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Following the Slope

Let us change our focus from a differential equation that describes the motion of a meteor heading toward earth to the following differential equation:


y'(x) = -x2/y2.     (4)

For the sake of illustration, let us assume we cannot or do not want to solve this analytically (even though it is separable). Therefore, we do not know a function y(x) that satisfies (4). Again, if we did, such a function would be the analytic solution to (4). We do have information about the function, specifically the derivative of y for all points (x,y). For example, the derivative of y at the point (2,3) is -4/9. Recall that a derivative is the slope of the tangent line to the curve at that point. Therefore, let us draw an arrow with its tail at the point (2,3) and a slope of -4/9. What can this do for us? Let us repeat this process again for the points (1,2), (1,3), and (2,2) which produces the picture to the left below. We have produced a graph that is called a vector field or direction field. Whether this is helpful at this point may be a debatable topic. Let us repeat this process for more points which produces the vector field to the right below. Do you have a better sense of the direction of the underlying solutions?

Now, rather than a vector field, let us imagine, as depicted below, that we are on the ocean and each vector in the graph gives the direction of the current at that point. Further, imagine that you can only discern the current's trajectory at those points where vectors are drawn. We will set sail and follow the underlying solution curve for that vector field. Can we sail our ship safely to the dock? To begin, we will have only a few vectors in the field as seen below to the left. In the Java application, you will be able to increase the number of vectors in the field. Will this help? Why or why not? Let us sail into the next exercise and explore this idea interactively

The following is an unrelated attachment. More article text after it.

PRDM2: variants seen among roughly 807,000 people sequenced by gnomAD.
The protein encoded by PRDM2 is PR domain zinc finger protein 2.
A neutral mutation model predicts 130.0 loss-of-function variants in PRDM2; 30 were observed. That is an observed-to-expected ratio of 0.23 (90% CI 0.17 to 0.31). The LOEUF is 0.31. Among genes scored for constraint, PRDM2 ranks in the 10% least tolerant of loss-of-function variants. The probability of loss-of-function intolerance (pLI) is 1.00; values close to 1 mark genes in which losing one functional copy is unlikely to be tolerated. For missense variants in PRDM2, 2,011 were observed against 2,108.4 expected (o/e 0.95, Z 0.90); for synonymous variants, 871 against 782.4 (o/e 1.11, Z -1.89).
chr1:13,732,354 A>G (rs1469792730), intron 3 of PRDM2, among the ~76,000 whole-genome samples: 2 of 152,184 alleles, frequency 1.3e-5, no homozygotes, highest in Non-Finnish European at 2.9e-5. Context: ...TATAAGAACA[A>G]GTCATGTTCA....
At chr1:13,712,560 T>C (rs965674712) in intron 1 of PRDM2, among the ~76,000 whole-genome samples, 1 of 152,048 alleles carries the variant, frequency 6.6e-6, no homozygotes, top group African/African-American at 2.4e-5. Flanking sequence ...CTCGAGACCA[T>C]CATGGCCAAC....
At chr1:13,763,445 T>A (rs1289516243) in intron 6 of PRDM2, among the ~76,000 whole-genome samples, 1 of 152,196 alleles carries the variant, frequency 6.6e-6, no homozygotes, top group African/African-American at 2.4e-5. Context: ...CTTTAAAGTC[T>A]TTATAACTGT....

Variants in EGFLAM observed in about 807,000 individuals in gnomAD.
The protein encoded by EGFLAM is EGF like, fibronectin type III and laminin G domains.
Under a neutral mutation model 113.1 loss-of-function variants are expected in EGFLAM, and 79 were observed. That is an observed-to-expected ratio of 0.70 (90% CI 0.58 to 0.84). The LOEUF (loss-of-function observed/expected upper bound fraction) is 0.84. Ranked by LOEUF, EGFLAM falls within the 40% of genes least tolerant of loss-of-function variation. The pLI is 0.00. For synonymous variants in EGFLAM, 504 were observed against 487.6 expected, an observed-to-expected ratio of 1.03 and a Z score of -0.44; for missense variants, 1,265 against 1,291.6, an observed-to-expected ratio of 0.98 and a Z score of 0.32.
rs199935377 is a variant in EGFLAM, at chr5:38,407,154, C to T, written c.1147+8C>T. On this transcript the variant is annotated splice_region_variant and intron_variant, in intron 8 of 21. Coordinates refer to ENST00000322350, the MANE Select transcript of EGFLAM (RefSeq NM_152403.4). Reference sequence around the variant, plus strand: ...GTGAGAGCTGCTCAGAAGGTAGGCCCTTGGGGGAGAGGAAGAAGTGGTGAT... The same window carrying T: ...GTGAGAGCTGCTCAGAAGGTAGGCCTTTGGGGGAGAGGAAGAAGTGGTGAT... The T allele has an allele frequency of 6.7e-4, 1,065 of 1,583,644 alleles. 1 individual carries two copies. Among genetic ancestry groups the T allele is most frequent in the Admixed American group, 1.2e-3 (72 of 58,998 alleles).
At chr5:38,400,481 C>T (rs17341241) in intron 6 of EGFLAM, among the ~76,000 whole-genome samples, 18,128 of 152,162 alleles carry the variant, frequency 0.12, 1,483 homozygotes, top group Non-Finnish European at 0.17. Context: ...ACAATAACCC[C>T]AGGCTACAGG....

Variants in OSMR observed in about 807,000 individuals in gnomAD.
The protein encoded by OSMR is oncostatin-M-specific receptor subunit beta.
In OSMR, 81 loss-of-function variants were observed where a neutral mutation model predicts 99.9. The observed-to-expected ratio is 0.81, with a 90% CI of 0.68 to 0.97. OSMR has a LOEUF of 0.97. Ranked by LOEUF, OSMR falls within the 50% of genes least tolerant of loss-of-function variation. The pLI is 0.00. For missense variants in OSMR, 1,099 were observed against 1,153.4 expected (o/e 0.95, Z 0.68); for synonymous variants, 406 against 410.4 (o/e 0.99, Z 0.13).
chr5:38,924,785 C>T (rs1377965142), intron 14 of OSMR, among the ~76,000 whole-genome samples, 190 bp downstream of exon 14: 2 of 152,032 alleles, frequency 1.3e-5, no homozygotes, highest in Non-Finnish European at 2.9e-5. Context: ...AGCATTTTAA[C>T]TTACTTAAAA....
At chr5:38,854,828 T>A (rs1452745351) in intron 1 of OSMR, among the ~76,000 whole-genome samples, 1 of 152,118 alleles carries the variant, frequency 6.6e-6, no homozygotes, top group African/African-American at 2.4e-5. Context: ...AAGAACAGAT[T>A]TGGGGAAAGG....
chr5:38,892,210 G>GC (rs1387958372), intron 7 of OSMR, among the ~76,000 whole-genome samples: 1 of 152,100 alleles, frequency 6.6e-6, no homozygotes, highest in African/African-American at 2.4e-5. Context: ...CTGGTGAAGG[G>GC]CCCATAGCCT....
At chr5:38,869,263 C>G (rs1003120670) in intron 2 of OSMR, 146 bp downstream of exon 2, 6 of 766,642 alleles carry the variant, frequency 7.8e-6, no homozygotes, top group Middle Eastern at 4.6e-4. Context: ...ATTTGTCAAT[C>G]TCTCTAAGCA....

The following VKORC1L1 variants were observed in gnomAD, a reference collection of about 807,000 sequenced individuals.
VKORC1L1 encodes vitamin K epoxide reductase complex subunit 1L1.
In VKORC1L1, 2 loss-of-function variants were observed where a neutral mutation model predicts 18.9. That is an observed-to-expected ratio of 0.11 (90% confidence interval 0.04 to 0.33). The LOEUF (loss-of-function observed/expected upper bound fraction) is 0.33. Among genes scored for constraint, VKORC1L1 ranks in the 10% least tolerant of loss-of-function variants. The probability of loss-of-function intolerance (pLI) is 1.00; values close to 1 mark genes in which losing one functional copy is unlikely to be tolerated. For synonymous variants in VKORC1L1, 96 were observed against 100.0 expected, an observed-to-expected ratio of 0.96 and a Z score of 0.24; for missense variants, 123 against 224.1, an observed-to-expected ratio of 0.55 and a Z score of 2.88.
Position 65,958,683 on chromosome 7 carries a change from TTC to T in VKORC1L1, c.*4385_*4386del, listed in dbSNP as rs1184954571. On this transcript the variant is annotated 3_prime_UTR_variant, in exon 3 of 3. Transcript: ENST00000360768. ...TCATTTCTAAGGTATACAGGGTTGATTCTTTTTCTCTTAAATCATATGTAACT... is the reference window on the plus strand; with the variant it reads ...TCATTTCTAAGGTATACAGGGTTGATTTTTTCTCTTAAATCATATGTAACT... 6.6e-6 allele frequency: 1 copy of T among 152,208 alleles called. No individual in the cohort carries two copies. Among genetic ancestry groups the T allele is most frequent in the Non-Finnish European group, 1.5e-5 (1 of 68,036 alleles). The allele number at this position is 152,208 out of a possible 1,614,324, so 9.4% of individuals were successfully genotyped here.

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Software Requirements

SoftwareRequirements


Android iOS Windows MacOS
with best with Chrome Chrome Chrome Chrome
support full-screen? Yes. Chrome/Opera No. Firefox/ Samsung Internet Not yet Yes Yes
cannot work on some mobile browser that don't understand JavaScript such as.....
cannot work on Internet Explorer 9 and below

 

Credits

Wei Chiong Tan; Francisco Esquembre; Felix J. Garcia Clemente; Loo Kang WEE; Tim Chartier; Nicholas Dovidio

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 Version:

  1. https://iwant2study.org/lookangejss/math/Modeling_a_Changing_World/ejss_model_Drifting%20Boat/ original version

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